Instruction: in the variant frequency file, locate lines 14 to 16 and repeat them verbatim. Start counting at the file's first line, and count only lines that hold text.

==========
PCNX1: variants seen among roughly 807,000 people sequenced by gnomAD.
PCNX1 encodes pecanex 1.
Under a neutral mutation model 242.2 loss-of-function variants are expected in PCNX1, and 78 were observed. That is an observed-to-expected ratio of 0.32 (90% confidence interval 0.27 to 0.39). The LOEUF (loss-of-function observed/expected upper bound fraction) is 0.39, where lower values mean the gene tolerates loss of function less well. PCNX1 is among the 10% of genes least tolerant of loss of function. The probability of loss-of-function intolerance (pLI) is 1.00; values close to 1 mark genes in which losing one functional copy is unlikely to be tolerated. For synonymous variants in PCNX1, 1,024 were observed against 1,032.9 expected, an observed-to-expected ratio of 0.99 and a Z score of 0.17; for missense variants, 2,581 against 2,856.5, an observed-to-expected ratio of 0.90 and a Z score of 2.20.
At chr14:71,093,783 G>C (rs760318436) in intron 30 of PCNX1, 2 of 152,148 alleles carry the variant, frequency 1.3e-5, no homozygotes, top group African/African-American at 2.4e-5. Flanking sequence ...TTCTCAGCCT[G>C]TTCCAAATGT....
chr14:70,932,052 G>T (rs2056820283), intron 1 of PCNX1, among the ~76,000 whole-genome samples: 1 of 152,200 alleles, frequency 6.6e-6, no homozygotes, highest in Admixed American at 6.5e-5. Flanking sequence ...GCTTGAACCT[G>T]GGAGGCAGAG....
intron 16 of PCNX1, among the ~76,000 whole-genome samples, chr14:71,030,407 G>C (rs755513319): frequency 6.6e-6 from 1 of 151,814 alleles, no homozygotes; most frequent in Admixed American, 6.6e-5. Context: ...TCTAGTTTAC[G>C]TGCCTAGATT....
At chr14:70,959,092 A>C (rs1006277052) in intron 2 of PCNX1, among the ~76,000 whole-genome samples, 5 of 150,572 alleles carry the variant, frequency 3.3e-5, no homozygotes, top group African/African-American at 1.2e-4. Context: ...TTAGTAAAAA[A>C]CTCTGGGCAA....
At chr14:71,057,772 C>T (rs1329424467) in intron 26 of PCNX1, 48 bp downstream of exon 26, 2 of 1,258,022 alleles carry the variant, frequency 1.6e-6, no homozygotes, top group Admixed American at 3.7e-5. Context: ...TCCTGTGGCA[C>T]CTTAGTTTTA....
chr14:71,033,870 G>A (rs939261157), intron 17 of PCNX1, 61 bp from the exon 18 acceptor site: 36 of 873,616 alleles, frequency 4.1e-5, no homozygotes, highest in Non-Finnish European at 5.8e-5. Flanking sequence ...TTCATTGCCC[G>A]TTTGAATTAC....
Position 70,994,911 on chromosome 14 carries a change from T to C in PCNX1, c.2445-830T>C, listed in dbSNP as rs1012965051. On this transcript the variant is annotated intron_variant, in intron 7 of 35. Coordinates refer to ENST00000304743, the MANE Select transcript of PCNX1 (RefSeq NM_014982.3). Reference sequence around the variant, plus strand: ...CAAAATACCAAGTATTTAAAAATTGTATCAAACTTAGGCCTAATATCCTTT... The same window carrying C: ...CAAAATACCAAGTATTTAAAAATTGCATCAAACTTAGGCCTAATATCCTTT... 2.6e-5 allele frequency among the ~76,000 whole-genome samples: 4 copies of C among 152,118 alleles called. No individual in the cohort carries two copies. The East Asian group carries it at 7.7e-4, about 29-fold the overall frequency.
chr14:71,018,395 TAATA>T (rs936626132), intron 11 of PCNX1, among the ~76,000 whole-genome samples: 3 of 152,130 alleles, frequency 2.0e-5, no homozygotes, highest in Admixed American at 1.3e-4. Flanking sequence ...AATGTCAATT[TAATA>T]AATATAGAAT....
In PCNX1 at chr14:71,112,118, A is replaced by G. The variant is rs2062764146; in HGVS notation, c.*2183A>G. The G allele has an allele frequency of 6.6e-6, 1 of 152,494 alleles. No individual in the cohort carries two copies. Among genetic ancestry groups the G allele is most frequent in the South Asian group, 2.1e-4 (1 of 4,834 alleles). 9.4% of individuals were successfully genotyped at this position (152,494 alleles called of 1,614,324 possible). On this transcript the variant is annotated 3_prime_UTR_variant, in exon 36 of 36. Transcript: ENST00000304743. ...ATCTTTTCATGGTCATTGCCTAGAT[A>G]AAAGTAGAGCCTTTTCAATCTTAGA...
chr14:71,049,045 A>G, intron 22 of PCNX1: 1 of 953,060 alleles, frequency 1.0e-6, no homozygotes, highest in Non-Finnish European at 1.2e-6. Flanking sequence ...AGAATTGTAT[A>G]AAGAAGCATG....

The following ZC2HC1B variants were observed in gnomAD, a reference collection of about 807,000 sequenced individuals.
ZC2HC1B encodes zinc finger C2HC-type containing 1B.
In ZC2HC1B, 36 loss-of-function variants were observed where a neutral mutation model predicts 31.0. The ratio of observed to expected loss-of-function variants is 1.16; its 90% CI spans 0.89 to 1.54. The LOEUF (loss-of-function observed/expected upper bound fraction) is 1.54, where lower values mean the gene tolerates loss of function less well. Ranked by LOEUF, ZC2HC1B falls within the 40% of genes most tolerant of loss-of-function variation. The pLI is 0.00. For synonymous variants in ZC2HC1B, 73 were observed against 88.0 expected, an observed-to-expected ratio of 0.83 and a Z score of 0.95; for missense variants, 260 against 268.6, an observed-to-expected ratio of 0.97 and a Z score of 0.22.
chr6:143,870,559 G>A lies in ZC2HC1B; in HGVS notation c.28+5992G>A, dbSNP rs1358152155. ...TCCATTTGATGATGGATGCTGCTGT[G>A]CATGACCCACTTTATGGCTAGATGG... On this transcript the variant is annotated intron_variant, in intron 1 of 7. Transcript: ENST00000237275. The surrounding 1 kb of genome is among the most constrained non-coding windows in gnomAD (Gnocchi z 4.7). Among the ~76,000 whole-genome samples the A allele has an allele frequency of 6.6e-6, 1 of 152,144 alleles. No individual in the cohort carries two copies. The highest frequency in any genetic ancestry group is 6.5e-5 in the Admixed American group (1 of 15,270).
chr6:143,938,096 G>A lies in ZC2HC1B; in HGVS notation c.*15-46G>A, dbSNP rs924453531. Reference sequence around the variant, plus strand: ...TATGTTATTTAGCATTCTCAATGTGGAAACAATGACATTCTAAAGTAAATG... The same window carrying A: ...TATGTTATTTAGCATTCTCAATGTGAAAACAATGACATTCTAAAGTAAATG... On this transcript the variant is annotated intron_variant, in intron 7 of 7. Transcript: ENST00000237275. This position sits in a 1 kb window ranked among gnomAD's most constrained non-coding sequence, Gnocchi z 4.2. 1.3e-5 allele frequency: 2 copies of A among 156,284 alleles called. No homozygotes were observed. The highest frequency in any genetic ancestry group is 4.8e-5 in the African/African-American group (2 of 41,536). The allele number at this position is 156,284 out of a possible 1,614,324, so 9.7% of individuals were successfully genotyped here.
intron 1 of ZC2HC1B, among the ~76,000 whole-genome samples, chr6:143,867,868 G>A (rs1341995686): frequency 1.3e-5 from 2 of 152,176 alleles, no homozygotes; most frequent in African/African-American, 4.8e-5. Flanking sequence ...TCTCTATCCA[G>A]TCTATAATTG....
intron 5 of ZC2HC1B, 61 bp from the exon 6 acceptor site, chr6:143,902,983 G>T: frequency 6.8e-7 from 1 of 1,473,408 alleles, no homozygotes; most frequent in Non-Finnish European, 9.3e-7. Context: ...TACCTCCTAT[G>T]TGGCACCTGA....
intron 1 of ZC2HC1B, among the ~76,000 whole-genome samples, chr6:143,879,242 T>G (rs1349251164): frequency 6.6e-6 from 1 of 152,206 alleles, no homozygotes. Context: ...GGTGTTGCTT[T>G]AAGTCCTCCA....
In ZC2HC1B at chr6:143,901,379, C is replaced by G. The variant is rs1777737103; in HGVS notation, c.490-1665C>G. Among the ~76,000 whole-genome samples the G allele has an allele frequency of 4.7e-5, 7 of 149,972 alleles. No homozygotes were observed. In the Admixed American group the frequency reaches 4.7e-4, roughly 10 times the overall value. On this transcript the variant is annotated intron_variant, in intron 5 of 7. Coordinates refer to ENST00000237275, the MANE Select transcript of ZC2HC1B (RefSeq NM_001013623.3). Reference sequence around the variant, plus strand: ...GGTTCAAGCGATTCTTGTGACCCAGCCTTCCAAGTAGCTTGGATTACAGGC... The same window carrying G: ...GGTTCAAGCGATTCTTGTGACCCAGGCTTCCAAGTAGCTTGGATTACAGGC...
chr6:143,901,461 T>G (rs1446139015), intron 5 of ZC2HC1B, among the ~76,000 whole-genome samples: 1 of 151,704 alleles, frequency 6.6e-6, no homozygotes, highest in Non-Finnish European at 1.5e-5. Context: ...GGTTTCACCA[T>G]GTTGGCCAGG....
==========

The following ZC2HC1B variants were observed in gnomAD, a reference collection of about 807,000 sequenced individuals.
ZC2HC1B encodes zinc finger C2HC-type containing 1B.
In ZC2HC1B, 36 loss-of-function variants were observed where a neutral mutation model predicts 31.0. The ratio of observed to expected loss-of-function variants is 1.16; its 90% CI spans 0.89 to 1.54. The LOEUF (loss-of-function observed/expected upper bound fraction) is 1.54, where lower values mean the gene tolerates loss of function less well. Ranked by LOEUF, ZC2HC1B falls within the 40% of genes most tolerant of loss-of-function variation. The pLI is 0.00. For synonymous variants in ZC2HC1B, 73 were observed against 88.0 expected, an observed-to-expected ratio of 0.83 and a Z score of 0.95; for missense variants, 260 against 268.6, an observed-to-expected ratio of 0.97 and a Z score of 0.22.